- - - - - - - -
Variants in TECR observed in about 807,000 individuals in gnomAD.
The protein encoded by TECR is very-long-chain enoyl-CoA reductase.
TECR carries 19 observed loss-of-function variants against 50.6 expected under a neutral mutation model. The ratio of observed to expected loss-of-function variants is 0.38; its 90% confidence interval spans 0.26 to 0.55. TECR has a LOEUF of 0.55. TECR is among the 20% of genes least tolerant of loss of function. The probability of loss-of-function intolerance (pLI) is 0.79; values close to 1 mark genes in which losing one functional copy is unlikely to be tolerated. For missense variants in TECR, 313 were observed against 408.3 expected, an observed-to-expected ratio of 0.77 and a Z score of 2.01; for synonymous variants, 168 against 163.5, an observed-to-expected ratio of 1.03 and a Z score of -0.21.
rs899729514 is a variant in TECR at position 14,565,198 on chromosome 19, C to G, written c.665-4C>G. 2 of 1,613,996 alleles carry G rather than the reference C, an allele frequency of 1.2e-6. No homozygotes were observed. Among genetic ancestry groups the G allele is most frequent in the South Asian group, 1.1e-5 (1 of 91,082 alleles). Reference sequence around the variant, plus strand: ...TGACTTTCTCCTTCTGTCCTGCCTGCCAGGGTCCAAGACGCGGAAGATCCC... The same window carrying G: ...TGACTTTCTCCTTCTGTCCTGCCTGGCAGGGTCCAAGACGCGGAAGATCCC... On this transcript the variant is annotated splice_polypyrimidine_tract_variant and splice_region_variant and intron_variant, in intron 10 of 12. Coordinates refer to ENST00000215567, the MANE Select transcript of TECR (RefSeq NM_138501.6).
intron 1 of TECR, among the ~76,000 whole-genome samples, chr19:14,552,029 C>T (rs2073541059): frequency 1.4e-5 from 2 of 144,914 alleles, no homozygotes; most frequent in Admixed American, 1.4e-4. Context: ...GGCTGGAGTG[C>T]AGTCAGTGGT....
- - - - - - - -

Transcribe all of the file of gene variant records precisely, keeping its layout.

Variants in TECR observed in about 807,000 individuals in gnomAD.
The protein encoded by TECR is very-long-chain enoyl-CoA reductase.
TECR carries 19 observed loss-of-function variants against 50.6 expected under a neutral mutation model. The ratio of observed to expected loss-of-function variants is 0.38; its 90% confidence interval spans 0.26 to 0.55. TECR has a LOEUF of 0.55. TECR is among the 20% of genes least tolerant of loss of function. The probability of loss-of-function intolerance (pLI) is 0.79; values close to 1 mark genes in which losing one functional copy is unlikely to be tolerated. For missense variants in TECR, 313 were observed against 408.3 expected, an observed-to-expected ratio of 0.77 and a Z score of 2.01; for synonymous variants, 168 against 163.5, an observed-to-expected ratio of 1.03 and a Z score of -0.21.
rs899729514 is a variant in TECR at position 14,565,198 on chromosome 19, C to G, written c.665-4C>G. 2 of 1,613,996 alleles carry G rather than the reference C, an allele frequency of 1.2e-6. No homozygotes were observed. Among genetic ancestry groups the G allele is most frequent in the South Asian group, 1.1e-5 (1 of 91,082 alleles). Reference sequence around the variant, plus strand: ...TGACTTTCTCCTTCTGTCCTGCCTGCCAGGGTCCAAGACGCGGAAGATCCC... The same window carrying G: ...TGACTTTCTCCTTCTGTCCTGCCTGGCAGGGTCCAAGACGCGGAAGATCCC... On this transcript the variant is annotated splice_polypyrimidine_tract_variant and splice_region_variant and intron_variant, in intron 10 of 12. Coordinates refer to ENST00000215567, the MANE Select transcript of TECR (RefSeq NM_138501.6).
intron 1 of TECR, among the ~76,000 whole-genome samples, chr19:14,552,029 C>T (rs2073541059): frequency 1.4e-5 from 2 of 144,914 alleles, no homozygotes; most frequent in Admixed American, 1.4e-4. Context: ...GGCTGGAGTG[C>T]AGTCAGTGGT....